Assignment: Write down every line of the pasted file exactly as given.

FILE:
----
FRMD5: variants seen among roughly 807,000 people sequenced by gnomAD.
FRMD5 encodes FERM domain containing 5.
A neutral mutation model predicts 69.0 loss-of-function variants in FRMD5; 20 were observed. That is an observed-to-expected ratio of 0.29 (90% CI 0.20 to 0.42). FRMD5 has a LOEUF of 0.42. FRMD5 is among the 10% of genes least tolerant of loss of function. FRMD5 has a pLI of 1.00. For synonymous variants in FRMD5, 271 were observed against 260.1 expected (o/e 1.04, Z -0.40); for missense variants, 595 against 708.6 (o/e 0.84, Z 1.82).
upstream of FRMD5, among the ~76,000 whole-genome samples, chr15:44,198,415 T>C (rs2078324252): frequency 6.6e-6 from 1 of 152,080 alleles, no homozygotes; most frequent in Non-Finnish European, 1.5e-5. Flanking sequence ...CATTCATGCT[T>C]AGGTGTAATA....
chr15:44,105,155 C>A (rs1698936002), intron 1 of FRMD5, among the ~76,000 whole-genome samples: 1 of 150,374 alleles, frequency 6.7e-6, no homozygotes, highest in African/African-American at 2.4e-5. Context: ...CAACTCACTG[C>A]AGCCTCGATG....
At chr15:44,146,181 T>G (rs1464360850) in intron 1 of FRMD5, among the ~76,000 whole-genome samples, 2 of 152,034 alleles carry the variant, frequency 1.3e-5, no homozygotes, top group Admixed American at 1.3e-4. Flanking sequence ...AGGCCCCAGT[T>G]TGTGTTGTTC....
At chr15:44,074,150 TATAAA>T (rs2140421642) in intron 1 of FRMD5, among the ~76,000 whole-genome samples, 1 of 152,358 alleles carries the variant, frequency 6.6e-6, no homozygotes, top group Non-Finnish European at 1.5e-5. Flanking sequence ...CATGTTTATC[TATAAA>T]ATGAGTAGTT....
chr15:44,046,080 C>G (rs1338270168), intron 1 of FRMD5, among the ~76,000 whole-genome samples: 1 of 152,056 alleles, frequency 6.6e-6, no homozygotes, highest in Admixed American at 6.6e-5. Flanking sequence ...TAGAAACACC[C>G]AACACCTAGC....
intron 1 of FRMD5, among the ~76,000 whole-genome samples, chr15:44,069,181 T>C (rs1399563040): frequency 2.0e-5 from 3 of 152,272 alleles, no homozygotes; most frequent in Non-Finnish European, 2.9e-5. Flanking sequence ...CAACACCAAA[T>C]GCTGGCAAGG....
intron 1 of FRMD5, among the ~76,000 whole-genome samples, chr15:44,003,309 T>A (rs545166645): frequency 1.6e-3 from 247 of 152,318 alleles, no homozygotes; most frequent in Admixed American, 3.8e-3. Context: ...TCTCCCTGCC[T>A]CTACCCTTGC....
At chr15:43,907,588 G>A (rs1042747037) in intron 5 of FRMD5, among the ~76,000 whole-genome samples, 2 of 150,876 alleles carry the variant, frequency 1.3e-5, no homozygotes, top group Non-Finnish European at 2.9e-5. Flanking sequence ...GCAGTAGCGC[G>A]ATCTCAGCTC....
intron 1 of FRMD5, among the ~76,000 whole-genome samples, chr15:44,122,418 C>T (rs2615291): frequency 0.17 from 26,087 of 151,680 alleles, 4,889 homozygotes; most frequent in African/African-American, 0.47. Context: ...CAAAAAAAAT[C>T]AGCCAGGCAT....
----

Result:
FRMD5: variants seen among roughly 807,000 people sequenced by gnomAD.
FRMD5 encodes FERM domain containing 5.
A neutral mutation model predicts 69.0 loss-of-function variants in FRMD5; 20 were observed. That is an observed-to-expected ratio of 0.29 (90% CI 0.20 to 0.42). FRMD5 has a LOEUF of 0.42. FRMD5 is among the 10% of genes least tolerant of loss of function. FRMD5 has a pLI of 1.00. For synonymous variants in FRMD5, 271 were observed against 260.1 expected (o/e 1.04, Z -0.40); for missense variants, 595 against 708.6 (o/e 0.84, Z 1.82).
upstream of FRMD5, among the ~76,000 whole-genome samples, chr15:44,198,415 T>C (rs2078324252): frequency 6.6e-6 from 1 of 152,080 alleles, no homozygotes; most frequent in Non-Finnish European, 1.5e-5. Flanking sequence ...CATTCATGCT[T>C]AGGTGTAATA....
chr15:44,105,155 C>A (rs1698936002), intron 1 of FRMD5, among the ~76,000 whole-genome samples: 1 of 150,374 alleles, frequency 6.7e-6, no homozygotes, highest in African/African-American at 2.4e-5. Context: ...CAACTCACTG[C>A]AGCCTCGATG....
At chr15:44,146,181 T>G (rs1464360850) in intron 1 of FRMD5, among the ~76,000 whole-genome samples, 2 of 152,034 alleles carry the variant, frequency 1.3e-5, no homozygotes, top group Admixed American at 1.3e-4. Flanking sequence ...AGGCCCCAGT[T>G]TGTGTTGTTC....
At chr15:44,074,150 TATAAA>T (rs2140421642) in intron 1 of FRMD5, among the ~76,000 whole-genome samples, 1 of 152,358 alleles carries the variant, frequency 6.6e-6, no homozygotes, top group Non-Finnish European at 1.5e-5. Flanking sequence ...CATGTTTATC[TATAAA>T]ATGAGTAGTT....
chr15:44,046,080 C>G (rs1338270168), intron 1 of FRMD5, among the ~76,000 whole-genome samples: 1 of 152,056 alleles, frequency 6.6e-6, no homozygotes, highest in Admixed American at 6.6e-5. Flanking sequence ...TAGAAACACC[C>G]AACACCTAGC....
intron 1 of FRMD5, among the ~76,000 whole-genome samples, chr15:44,069,181 T>C (rs1399563040): frequency 2.0e-5 from 3 of 152,272 alleles, no homozygotes; most frequent in Non-Finnish European, 2.9e-5. Flanking sequence ...CAACACCAAA[T>C]GCTGGCAAGG....
intron 1 of FRMD5, among the ~76,000 whole-genome samples, chr15:44,003,309 T>A (rs545166645): frequency 1.6e-3 from 247 of 152,318 alleles, no homozygotes; most frequent in Admixed American, 3.8e-3. Context: ...TCTCCCTGCC[T>A]CTACCCTTGC....
At chr15:43,907,588 G>A (rs1042747037) in intron 5 of FRMD5, among the ~76,000 whole-genome samples, 2 of 150,876 alleles carry the variant, frequency 1.3e-5, no homozygotes, top group Non-Finnish European at 2.9e-5. Flanking sequence ...GCAGTAGCGC[G>A]ATCTCAGCTC....
intron 1 of FRMD5, among the ~76,000 whole-genome samples, chr15:44,122,418 C>T (rs2615291): frequency 0.17 from 26,087 of 151,680 alleles, 4,889 homozygotes; most frequent in African/African-American, 0.47. Context: ...CAAAAAAAAT[C>T]AGCCAGGCAT....